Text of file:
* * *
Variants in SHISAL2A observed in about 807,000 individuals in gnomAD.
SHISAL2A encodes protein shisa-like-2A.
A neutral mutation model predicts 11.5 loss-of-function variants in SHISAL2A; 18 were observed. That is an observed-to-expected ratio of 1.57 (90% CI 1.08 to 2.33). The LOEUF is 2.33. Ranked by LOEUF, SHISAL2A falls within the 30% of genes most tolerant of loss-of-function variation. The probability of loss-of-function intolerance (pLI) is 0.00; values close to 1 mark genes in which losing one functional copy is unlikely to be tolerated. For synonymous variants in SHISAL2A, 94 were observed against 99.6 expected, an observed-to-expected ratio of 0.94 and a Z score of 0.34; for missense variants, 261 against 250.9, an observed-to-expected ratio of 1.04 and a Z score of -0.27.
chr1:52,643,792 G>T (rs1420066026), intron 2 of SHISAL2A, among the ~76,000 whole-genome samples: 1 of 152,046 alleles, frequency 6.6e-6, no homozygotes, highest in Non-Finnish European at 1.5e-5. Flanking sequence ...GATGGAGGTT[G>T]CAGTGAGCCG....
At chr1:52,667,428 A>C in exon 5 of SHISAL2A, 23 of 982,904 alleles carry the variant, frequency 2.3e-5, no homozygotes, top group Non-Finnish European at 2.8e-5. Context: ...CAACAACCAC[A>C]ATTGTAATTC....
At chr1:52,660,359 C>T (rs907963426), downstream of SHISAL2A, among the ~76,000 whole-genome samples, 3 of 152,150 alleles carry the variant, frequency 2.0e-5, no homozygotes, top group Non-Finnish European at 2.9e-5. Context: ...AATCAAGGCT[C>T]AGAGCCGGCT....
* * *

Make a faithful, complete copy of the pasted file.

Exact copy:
Variants in SHISAL2A observed in about 807,000 individuals in gnomAD.
SHISAL2A encodes protein shisa-like-2A.
A neutral mutation model predicts 11.5 loss-of-function variants in SHISAL2A; 18 were observed. That is an observed-to-expected ratio of 1.57 (90% CI 1.08 to 2.33). The LOEUF is 2.33. Ranked by LOEUF, SHISAL2A falls within the 30% of genes most tolerant of loss-of-function variation. The probability of loss-of-function intolerance (pLI) is 0.00; values close to 1 mark genes in which losing one functional copy is unlikely to be tolerated. For synonymous variants in SHISAL2A, 94 were observed against 99.6 expected, an observed-to-expected ratio of 0.94 and a Z score of 0.34; for missense variants, 261 against 250.9, an observed-to-expected ratio of 1.04 and a Z score of -0.27.
chr1:52,643,792 G>T (rs1420066026), intron 2 of SHISAL2A, among the ~76,000 whole-genome samples: 1 of 152,046 alleles, frequency 6.6e-6, no homozygotes, highest in Non-Finnish European at 1.5e-5. Flanking sequence ...GATGGAGGTT[G>T]CAGTGAGCCG....
At chr1:52,667,428 A>C in exon 5 of SHISAL2A, 23 of 982,904 alleles carry the variant, frequency 2.3e-5, no homozygotes, top group Non-Finnish European at 2.8e-5. Context: ...CAACAACCAC[A>C]ATTGTAATTC....
At chr1:52,660,359 C>T (rs907963426), downstream of SHISAL2A, among the ~76,000 whole-genome samples, 3 of 152,150 alleles carry the variant, frequency 2.0e-5, no homozygotes, top group Non-Finnish European at 2.9e-5. Context: ...AATCAAGGCT[C>T]AGAGCCGGCT....